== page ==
Tracking dust across the Atlantic
Hundreds of millions of tons of dust are picked up from the deserts of Africa and blown across the Atlantic Ocean each year. That dust helps build beaches in the Caribbean and fertilize soils in the Amazon. It affects air quality in North and South America. And some say dust storms might play a role in the suppression of hurricanes and the decline of coral reefs.
The Visible Infrared Imaging Radiometer Suite, or VIIRS, on the Suomi National Polar-orbiting Partnership satellite captured these images of a Saharan dust storm on July 31 and August 1–2, 2013. Each image is a composite of three adjacent satellite passes.
Dust from the Sahara and other points in interior Africa were lofted into the sky and blew west and northwest across the Atlantic Ocean. (The milky lines running vertically across each image are caused by sunglint, the reflection of sunlight off the ocean.) The images help reveal wind patterns such as trade winds that steer plumes and clouds. At several points, dust stretched continuously from North Africa to South America.
"These mosaics show where the dust goes, which tells us what governs the movement and where they end up," said Ralph Kahn, a NASA atmospheric scientist who specializes in aerosols. "When satellites first began imaging Earth, it was shocking to see the degree to which airborne particles are carried across continents and oceans."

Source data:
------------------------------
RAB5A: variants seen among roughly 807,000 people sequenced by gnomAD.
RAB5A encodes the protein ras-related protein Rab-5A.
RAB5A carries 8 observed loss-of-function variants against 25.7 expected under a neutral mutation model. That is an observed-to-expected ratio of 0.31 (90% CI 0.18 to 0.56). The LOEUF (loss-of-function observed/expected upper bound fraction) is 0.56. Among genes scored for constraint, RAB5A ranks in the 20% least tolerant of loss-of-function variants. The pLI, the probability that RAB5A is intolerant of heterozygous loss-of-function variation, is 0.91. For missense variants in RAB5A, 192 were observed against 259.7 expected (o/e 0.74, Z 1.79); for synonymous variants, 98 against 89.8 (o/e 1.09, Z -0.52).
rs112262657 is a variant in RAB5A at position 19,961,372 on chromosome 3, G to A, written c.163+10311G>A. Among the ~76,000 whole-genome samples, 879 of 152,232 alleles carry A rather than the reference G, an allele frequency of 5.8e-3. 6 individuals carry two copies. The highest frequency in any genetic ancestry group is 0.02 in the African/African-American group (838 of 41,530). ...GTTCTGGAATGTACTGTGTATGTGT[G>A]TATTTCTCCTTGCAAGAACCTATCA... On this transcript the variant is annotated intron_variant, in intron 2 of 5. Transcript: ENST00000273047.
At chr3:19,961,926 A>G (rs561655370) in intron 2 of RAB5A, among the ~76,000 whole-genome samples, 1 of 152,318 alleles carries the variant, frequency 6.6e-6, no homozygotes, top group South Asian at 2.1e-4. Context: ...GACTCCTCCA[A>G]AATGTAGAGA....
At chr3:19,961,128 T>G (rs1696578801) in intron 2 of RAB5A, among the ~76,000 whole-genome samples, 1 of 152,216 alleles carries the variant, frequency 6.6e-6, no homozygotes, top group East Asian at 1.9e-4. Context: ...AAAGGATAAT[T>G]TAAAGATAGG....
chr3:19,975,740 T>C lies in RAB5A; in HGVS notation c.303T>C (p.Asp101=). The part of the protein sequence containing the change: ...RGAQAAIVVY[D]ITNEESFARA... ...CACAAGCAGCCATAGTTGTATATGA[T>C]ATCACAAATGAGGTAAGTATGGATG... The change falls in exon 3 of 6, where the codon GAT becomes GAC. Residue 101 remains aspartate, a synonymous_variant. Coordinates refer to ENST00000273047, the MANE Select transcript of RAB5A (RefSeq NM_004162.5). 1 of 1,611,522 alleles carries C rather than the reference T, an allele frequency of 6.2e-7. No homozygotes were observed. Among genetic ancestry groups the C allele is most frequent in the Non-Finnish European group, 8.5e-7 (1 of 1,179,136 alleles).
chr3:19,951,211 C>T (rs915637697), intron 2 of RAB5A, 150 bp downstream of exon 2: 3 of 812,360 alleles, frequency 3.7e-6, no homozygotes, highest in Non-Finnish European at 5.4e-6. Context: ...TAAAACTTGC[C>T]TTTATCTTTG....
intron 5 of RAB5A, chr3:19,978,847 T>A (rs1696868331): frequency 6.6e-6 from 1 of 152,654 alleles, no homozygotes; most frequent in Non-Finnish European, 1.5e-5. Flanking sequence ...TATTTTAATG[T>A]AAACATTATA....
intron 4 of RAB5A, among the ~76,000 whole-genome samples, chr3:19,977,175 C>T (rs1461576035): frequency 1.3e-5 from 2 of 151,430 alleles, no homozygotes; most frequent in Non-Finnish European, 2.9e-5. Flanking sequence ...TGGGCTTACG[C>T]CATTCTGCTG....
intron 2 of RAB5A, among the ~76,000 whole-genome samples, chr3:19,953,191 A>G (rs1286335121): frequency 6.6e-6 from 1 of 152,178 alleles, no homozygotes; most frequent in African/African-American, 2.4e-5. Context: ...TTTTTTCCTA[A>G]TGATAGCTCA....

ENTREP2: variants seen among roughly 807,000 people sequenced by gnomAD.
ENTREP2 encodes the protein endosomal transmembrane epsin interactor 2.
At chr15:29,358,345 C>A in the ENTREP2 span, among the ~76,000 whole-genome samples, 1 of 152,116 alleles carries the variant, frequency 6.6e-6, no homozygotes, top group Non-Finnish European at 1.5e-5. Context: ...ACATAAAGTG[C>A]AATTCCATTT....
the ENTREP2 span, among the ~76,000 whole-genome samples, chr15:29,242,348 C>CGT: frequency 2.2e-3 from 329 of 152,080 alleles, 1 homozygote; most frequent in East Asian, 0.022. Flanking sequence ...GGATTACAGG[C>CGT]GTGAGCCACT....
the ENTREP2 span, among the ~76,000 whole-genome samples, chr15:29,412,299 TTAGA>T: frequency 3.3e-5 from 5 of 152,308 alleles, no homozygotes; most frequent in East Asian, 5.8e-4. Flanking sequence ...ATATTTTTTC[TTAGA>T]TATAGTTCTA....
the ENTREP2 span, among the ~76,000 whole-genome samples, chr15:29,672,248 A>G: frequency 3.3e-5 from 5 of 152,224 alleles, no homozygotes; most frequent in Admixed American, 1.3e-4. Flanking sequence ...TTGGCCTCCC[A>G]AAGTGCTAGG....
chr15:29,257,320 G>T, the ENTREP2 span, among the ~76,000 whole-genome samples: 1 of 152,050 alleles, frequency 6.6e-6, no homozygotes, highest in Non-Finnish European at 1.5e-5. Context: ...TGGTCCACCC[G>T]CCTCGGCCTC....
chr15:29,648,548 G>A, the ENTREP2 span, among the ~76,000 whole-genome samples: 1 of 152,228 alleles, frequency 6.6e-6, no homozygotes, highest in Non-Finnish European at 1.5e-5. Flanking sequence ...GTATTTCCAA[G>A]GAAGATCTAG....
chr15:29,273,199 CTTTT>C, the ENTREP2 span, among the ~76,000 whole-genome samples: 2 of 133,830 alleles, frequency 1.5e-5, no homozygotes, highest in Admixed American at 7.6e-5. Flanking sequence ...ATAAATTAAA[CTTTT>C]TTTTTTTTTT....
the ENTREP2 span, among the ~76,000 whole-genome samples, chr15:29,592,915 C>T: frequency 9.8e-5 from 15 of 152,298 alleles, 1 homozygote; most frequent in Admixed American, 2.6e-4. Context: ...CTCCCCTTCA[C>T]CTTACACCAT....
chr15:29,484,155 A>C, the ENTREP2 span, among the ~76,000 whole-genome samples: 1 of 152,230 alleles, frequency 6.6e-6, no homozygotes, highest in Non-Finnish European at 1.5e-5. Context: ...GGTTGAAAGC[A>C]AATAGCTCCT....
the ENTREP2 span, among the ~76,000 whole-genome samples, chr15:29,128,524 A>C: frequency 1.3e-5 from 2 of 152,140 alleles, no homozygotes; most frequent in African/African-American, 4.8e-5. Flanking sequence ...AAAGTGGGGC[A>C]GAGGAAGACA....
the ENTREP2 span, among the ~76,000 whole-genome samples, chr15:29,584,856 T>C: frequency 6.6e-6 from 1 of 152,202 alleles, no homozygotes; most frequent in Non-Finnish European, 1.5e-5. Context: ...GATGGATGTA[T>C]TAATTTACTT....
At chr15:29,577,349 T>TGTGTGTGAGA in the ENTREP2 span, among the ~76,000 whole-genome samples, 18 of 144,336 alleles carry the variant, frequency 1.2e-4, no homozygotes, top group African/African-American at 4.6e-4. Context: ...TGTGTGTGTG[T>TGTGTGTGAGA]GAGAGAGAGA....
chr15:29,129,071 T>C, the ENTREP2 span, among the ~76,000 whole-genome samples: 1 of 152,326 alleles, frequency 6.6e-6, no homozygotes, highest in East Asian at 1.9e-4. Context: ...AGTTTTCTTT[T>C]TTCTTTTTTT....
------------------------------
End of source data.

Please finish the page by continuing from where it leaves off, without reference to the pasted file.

The dust also was detected by the Ozone Mapping Profiling Suite on Suomi NPP. Designed to measure ozone in the atmosphere, this instrument gathers ultraviolet spectral information that also reveals smoke and airborne dust. Lower concentrations appear in yellow, and greater concentrations appear in orange-brown. Each map includes roughly six satellite passes.
Since late July, some meteorologists have speculated that a particularly dry and dusty Saharan Air Layer was suppressing hurricane formation in the North Atlantic. As of August 27, 2013, no tropical storms had reached hurricane strength yet in the Atlantic Ocean, an unusual but not-unprecedented season.
This composite projection shows the dust storm using data from seven orbits of the Suomi NPP satellite on August 1, 2013.
Image Credit: NASA's Earth Observatory
Dry air masses from Africa can sap the moisture-collecting energy of storm systems over the ocean. More dust can also mean fewer storms because it blocks incoming sunlight, leading to cooler ocean temperatures. Deciphering the effect of Saharan air and dust is one of the research goals of NASA's Hurricane and Severe Storm Sentinel airborne field campaign this year.
"Dust has long blown across the Atlantic from Africa, but only during the past several decades of satellite observations have we begun to appreciate the vast scale of these events," wrote Norman Kuring, a member of the ocean color group at NASA's Goddard Space Flight Center. "Estimates of the dust transported run to hundreds of millions of tons per year, yet we still know relatively little about the effects on phytoplankton productivity, climate, and human health."